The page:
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The Australian Kensington Mango

Joe Appleton - Monday, November 24, 2014



In the latter half of the 19th century Bowen, in North Queensland, was the centre of a thriving horse trading business between North Queensland and India. The crews of the ships coming in from India bought many items back with them, including mangoes.

The Bowen Harbourmaster and Customs Officer at the time, Mr GE Sandrock, collected a quantity of mango seeds from the sailors and planted them on his property “Woodlands” just outside Bowen. As this initial stock came into fruit, seeds from the better quality and better producing trees were separately collected and Mr Sandrock gave these to a friend of his, Mr McDonald, who planted them on his property at Adelaide Point near Bowen.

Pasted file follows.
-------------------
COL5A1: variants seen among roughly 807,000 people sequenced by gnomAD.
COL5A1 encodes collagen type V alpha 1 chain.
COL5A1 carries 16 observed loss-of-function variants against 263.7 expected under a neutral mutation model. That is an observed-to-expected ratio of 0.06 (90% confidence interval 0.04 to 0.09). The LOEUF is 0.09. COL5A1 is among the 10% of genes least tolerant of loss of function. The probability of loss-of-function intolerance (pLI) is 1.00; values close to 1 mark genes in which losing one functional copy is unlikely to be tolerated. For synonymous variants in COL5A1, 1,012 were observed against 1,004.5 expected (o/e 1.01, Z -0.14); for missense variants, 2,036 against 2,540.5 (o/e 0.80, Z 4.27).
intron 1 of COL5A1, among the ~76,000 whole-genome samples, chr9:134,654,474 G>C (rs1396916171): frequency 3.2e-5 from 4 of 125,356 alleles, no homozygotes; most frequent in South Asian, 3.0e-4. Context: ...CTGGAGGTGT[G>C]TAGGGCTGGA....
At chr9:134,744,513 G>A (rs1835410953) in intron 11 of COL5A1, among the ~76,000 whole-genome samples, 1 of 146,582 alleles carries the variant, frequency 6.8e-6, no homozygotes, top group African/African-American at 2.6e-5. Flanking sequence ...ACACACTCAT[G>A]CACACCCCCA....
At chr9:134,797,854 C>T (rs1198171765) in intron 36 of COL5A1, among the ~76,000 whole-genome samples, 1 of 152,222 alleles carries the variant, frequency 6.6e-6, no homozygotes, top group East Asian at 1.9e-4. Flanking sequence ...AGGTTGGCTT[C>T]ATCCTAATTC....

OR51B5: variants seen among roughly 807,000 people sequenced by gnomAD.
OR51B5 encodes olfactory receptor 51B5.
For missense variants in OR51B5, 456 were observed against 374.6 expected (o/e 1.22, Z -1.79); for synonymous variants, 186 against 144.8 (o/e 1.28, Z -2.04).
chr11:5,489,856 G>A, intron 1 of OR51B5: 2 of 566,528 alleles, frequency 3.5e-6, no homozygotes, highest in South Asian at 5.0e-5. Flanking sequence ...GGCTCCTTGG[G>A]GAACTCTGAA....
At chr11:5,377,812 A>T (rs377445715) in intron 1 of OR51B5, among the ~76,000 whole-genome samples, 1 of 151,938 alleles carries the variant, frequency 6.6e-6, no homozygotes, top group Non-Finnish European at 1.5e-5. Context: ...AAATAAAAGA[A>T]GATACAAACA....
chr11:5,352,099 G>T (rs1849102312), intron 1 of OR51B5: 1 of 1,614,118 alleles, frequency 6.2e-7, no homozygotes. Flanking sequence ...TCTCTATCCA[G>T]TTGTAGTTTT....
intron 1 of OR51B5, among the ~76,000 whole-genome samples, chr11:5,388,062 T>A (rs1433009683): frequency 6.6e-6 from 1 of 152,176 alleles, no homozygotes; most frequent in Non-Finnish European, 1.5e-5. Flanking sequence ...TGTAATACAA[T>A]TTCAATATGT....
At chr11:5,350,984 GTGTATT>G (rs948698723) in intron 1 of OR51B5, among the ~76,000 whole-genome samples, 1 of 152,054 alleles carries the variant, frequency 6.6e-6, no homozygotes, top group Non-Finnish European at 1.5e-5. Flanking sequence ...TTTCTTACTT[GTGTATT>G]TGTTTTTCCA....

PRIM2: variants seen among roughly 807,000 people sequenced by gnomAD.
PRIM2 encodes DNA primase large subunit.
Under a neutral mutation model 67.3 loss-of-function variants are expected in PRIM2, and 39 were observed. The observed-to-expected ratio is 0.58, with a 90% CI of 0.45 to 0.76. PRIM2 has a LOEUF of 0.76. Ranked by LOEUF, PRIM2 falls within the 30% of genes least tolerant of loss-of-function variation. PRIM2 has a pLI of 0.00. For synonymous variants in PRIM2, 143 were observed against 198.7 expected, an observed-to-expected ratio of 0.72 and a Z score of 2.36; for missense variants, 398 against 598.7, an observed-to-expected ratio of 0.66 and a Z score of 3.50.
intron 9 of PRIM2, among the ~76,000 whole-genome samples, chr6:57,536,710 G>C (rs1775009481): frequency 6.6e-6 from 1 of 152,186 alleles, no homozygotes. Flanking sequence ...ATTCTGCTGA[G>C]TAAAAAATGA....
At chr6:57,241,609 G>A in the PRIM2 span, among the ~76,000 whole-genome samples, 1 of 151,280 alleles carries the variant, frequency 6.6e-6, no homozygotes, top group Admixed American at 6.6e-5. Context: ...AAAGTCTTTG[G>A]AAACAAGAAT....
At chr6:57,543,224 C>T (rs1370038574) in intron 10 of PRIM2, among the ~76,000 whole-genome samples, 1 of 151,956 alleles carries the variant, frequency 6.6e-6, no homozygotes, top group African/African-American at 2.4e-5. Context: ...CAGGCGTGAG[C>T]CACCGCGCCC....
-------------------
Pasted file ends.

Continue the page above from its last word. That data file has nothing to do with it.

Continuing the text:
A local farmer, Mr Harry Lott, selected a good stringless type of fruit from McDonald’s harvests and used the seeds to start a small orchard on his property, “Kensington”, in the late 1880’s.

Mr Lott found that his mango variety sold well at the local markets due its smooth stringless flesh, and attempted to monopolise the variety. Other local growers unfortunately got hold of seeds by fair and foul means, and within a few years this style of mango was widely distributed through the Bowen and Burdekin regions.

The name “Kensington” has remained although this variety is also called “Bowen Special”. It is easily identifiable by its large, bright orange colour, often with a red blush, and its deep orange flesh that is free of fibrous strands

Mangoes are harvested from September to March with the peak of the season being from November to January.

A mango tree doesn’t produce fruit until it’s about four years old

Mangoes belong to the same family as the cashew and the pistachio nut

Now in-season and in-store today.


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